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Have you been surprised with a terminated merchant notice? You’re not alone. Each year, tens of thousands of business owners get the same notice for both legitimate and unnecessary reasons. Terminated merchants have several options available. Landing in “Terminated Merchant File” (TMF) doesn’t mean you’re out of business. While these designations are confusing and even infuriating now, rest assured that A+ rated First Financial can help get you back to accepting credit cards fast.
For a long time, the term “terminated merchant list” served as a casual designation indicating that a merchant has become “black-listed” with even high risk merchant account service providers. MasterCard made the system official by creating a database about businesses and their owners whose merchant account services providers had terminated them. They gave the new system the acronym MATCH for “Merchant Alert to Control High Risk.” At this time, most in the industry use this terminology.
When terminated merchants get in contact with us, their designation “MATCH-listed” has come as a surprise. Many only realize their business is on this list after seeking a new credit card processor. The MATCH list was the first place the new processor went when considering this new high risk merchant account. Presence on the MATCH list is the quick and easy way the new processor finds rationale to turn a business down—AFTER collecting the application fees. If you’ve been placed on the MATCH list, the only way of removing your name is by contacting the processor or bank that put you there. Only that entity has the legal authority to remove you. Disputing the designation with the bank or merchant processor may require a lawyer’s help, and some lawyers specialize in this niche. Legal expenses can be worth it considering the MATCH listing remains active for five years. Understanding why your processor placed you on the MATCH list will prevent this hassle from happening again. Generally, the acquiring bank or processor finds out that while you were with your previous processor, you committed one or more “disqualifying acts” that exceeded the level of risk they contracted to undertake. Typically, your contract listed these acts and informed you that committing them qualified as a breach of contract and justification to end the relationship. Disqualifying acts include:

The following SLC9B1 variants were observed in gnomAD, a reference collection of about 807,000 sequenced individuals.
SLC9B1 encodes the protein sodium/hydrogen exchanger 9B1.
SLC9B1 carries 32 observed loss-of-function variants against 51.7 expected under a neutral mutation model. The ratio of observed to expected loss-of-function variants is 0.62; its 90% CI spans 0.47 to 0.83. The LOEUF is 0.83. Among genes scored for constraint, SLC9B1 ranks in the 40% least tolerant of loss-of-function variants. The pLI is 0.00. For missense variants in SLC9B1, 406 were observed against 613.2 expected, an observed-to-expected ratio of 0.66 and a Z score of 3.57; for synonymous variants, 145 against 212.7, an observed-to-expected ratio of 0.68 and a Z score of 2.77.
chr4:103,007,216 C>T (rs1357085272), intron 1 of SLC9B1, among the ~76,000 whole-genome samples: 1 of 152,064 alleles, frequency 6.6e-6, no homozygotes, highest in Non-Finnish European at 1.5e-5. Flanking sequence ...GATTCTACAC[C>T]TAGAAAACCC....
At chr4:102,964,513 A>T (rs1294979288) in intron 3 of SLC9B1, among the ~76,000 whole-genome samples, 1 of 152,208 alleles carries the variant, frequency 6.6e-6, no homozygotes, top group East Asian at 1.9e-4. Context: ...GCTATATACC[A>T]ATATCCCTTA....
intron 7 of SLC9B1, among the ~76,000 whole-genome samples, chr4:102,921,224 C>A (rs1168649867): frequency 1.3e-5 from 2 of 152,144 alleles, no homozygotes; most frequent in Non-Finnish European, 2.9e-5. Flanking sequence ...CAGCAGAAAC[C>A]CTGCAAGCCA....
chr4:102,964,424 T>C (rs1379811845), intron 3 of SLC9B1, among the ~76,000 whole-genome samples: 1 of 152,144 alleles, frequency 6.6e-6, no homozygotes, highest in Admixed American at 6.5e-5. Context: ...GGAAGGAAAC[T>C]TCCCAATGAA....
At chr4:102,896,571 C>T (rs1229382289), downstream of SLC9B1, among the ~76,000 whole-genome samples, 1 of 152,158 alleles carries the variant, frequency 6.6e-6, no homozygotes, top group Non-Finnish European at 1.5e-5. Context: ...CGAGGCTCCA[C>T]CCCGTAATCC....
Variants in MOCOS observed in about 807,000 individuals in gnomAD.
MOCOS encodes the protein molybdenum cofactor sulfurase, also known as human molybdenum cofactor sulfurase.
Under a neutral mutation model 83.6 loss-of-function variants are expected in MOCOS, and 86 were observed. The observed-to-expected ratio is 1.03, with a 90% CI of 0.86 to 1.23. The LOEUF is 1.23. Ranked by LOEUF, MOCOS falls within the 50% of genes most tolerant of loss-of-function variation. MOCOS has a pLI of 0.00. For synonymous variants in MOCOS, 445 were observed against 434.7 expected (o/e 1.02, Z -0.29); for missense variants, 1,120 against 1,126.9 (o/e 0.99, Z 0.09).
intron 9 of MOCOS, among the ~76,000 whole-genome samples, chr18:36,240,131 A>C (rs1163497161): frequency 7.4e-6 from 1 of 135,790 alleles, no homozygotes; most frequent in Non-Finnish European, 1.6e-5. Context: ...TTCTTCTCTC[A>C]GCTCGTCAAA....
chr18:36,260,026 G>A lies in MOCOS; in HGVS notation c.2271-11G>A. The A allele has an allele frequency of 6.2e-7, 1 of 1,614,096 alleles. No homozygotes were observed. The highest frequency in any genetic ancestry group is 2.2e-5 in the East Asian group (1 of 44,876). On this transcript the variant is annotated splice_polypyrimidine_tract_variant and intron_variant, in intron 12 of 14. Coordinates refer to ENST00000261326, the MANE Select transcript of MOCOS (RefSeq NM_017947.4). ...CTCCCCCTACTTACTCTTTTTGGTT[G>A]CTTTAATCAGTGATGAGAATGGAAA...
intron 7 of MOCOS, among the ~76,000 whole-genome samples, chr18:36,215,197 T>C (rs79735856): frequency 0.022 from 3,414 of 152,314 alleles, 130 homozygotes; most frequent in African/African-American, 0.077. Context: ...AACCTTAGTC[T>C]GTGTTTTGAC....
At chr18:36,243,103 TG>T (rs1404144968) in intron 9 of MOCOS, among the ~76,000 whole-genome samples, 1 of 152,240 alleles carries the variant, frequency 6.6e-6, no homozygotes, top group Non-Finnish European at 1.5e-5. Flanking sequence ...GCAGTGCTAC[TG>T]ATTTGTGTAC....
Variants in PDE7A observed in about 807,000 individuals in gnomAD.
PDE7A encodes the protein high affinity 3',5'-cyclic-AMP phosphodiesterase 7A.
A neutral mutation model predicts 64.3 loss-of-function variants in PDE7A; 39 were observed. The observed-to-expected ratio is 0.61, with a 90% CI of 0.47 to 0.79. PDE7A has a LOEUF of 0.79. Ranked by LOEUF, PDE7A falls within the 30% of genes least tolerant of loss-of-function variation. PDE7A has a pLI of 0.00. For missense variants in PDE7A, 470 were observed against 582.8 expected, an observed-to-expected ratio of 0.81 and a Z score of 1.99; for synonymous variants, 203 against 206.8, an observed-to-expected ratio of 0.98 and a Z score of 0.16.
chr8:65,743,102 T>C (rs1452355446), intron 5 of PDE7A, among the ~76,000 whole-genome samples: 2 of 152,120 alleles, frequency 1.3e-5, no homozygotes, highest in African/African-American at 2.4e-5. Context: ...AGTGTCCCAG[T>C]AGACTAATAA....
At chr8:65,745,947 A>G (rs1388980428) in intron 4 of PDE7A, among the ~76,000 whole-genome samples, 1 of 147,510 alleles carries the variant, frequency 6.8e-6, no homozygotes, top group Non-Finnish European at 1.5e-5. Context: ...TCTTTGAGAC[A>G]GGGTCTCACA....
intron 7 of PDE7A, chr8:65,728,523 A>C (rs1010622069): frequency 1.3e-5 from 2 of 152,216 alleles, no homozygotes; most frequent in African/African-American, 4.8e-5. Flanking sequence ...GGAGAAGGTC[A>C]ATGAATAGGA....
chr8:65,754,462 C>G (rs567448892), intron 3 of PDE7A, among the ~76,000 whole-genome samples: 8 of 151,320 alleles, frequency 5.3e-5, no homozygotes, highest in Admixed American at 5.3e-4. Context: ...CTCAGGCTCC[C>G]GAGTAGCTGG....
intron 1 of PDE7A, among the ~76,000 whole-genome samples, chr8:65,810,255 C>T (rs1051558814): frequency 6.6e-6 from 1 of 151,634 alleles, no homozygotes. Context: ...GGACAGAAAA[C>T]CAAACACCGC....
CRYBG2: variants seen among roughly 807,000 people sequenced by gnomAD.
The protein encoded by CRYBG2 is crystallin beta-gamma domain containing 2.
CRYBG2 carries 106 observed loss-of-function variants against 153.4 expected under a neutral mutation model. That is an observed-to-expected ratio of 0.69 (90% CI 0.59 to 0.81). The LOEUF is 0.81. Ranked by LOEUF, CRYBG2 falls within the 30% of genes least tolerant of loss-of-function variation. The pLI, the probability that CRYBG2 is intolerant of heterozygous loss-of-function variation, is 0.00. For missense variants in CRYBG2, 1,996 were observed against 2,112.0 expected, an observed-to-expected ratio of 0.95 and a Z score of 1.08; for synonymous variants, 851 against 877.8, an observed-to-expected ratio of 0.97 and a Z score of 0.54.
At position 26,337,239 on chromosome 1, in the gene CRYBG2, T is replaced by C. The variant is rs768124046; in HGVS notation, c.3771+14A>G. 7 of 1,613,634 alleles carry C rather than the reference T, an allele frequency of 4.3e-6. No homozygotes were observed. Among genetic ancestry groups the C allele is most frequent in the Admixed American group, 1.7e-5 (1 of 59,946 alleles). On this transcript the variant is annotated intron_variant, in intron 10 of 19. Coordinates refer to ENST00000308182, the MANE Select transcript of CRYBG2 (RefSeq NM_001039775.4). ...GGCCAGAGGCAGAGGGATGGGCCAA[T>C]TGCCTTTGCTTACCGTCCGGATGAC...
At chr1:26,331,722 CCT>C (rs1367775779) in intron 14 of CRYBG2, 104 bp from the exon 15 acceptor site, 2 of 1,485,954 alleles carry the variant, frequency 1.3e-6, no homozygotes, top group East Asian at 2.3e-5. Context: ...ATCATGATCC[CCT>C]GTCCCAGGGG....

On the other hand, keep in mind, too, that banks and card processors SOMETIMES MAKE MISTAKES. If you feel your MATCH listing is an error, by all means fight it. Beware “Guaranteed Acceptance” Offers for Terminated Merchants In an effort to bring in application fees, some shady businesses imply or even claim that their high risk merchant account processors accept all terminated merchants. Merchants apply and wait a few weeks or even a month, only to learn that they didn’t qualify after all. First Financial’s carefully screened and selected processors specialize in terminated merchants in high risk industries. These processors are aware from the beginning that the merchant is on the MATCH list. They strive to make the relationship work. Further, A+ rated First Financial merchants get:
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